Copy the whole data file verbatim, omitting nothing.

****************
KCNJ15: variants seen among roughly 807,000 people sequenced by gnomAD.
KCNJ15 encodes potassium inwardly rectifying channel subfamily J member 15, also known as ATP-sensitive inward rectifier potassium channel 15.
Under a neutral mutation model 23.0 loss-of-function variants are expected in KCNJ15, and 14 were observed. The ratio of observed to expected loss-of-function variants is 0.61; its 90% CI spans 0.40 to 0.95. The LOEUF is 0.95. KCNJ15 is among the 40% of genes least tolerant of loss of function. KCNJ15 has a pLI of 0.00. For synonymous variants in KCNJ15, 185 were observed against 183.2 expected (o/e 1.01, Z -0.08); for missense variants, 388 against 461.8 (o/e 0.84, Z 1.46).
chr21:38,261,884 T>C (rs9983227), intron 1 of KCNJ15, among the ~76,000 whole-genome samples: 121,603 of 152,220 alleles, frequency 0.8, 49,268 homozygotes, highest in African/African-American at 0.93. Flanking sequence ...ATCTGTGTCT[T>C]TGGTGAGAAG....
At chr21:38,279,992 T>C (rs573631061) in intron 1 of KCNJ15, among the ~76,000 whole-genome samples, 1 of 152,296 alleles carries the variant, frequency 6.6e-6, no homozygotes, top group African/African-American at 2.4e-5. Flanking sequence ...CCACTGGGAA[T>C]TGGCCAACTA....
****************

KCNJ15: variants seen among roughly 807,000 people sequenced by gnomAD.
KCNJ15 encodes potassium inwardly rectifying channel subfamily J member 15, also known as ATP-sensitive inward rectifier potassium channel 15.
Under a neutral mutation model 23.0 loss-of-function variants are expected in KCNJ15, and 14 were observed. The ratio of observed to expected loss-of-function variants is 0.61; its 90% CI spans 0.40 to 0.95. The LOEUF is 0.95. KCNJ15 is among the 40% of genes least tolerant of loss of function. KCNJ15 has a pLI of 0.00. For synonymous variants in KCNJ15, 185 were observed against 183.2 expected (o/e 1.01, Z -0.08); for missense variants, 388 against 461.8 (o/e 0.84, Z 1.46).
chr21:38,261,884 T>C (rs9983227), intron 1 of KCNJ15, among the ~76,000 whole-genome samples: 121,603 of 152,220 alleles, frequency 0.8, 49,268 homozygotes, highest in African/African-American at 0.93. Flanking sequence ...ATCTGTGTCT[T>C]TGGTGAGAAG....
At chr21:38,279,992 T>C (rs573631061) in intron 1 of KCNJ15, among the ~76,000 whole-genome samples, 1 of 152,296 alleles carries the variant, frequency 6.6e-6, no homozygotes, top group African/African-American at 2.4e-5. Flanking sequence ...CCACTGGGAA[T>C]TGGCCAACTA....